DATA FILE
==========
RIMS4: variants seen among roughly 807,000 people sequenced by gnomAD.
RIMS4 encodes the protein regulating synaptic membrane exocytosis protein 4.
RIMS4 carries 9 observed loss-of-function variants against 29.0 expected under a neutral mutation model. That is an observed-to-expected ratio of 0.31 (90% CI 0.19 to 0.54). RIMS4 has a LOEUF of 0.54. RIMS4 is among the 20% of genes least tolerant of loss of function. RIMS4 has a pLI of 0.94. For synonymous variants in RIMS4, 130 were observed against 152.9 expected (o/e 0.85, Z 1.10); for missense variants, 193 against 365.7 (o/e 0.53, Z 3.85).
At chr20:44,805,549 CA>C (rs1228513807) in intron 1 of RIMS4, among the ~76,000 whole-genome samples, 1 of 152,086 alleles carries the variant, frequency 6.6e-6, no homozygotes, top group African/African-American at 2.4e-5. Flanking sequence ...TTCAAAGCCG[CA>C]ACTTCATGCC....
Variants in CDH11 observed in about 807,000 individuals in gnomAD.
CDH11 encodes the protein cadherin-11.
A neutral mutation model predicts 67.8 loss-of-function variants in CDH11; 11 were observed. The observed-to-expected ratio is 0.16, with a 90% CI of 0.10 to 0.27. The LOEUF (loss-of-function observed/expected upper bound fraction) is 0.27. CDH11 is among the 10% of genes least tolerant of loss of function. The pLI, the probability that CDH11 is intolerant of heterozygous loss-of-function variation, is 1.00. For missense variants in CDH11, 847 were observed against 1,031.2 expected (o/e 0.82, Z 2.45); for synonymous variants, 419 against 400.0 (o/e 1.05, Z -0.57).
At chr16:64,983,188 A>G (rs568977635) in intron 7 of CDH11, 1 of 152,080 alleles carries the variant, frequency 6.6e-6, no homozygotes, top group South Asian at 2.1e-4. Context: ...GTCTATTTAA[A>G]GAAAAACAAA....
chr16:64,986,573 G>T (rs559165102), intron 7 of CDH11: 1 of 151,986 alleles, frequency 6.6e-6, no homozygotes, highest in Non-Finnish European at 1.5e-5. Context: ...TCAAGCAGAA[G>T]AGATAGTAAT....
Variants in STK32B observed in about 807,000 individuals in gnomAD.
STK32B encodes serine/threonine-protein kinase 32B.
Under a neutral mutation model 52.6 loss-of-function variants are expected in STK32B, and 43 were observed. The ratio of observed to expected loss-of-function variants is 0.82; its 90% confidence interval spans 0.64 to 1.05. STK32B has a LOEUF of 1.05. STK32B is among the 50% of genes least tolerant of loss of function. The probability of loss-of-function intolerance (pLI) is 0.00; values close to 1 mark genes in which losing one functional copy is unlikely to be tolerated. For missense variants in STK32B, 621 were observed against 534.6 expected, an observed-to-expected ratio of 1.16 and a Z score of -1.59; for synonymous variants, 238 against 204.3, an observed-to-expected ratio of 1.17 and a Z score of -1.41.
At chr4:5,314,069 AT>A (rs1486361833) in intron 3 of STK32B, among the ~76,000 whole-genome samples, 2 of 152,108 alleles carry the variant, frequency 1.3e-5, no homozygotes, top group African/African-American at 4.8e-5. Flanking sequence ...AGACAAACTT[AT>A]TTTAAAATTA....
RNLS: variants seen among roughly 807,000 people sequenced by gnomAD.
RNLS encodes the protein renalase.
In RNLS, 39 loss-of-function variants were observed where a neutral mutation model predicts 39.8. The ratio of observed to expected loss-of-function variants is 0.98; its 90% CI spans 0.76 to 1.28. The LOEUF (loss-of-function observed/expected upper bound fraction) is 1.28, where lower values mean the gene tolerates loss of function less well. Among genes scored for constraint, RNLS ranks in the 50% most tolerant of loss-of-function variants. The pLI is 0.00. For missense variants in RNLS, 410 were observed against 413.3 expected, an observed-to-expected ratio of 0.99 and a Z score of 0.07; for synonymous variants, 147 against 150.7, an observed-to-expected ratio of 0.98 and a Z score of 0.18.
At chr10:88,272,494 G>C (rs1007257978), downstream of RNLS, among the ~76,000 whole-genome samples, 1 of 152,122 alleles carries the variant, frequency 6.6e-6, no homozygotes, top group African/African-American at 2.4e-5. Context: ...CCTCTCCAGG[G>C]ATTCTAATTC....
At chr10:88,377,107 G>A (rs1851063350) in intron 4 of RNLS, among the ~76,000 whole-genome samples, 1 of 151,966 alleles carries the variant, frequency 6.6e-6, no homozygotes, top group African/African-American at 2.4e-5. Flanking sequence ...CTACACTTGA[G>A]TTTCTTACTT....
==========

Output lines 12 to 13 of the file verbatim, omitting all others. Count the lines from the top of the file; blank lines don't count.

Under a neutral mutation model 52.6 loss-of-function variants are expected in STK32B, and 43 were observed. The ratio of observed to expected loss-of-function variants is 0.82; its 90% confidence interval spans 0.64 to 1.05. STK32B has a LOEUF of 1.05. STK32B is among the 50% of genes least tolerant of loss of function. The probability of loss-of-function intolerance (pLI) is 0.00; values close to 1 mark genes in which losing one functional copy is unlikely to be tolerated. For missense variants in STK32B, 621 were observed against 534.6 expected, an observed-to-expected ratio of 1.16 and a Z score of -1.59; for synonymous variants, 238 against 204.3, an observed-to-expected ratio of 1.17 and a Z score of -1.41.
At chr4:5,314,069 AT>A (rs1486361833) in intron 3 of STK32B, among the ~76,000 whole-genome samples, 2 of 152,108 alleles carry the variant, frequency 1.3e-5, no homozygotes, top group African/African-American at 4.8e-5. Flanking sequence ...AGACAAACTT[AT>A]TTTAAAATTA....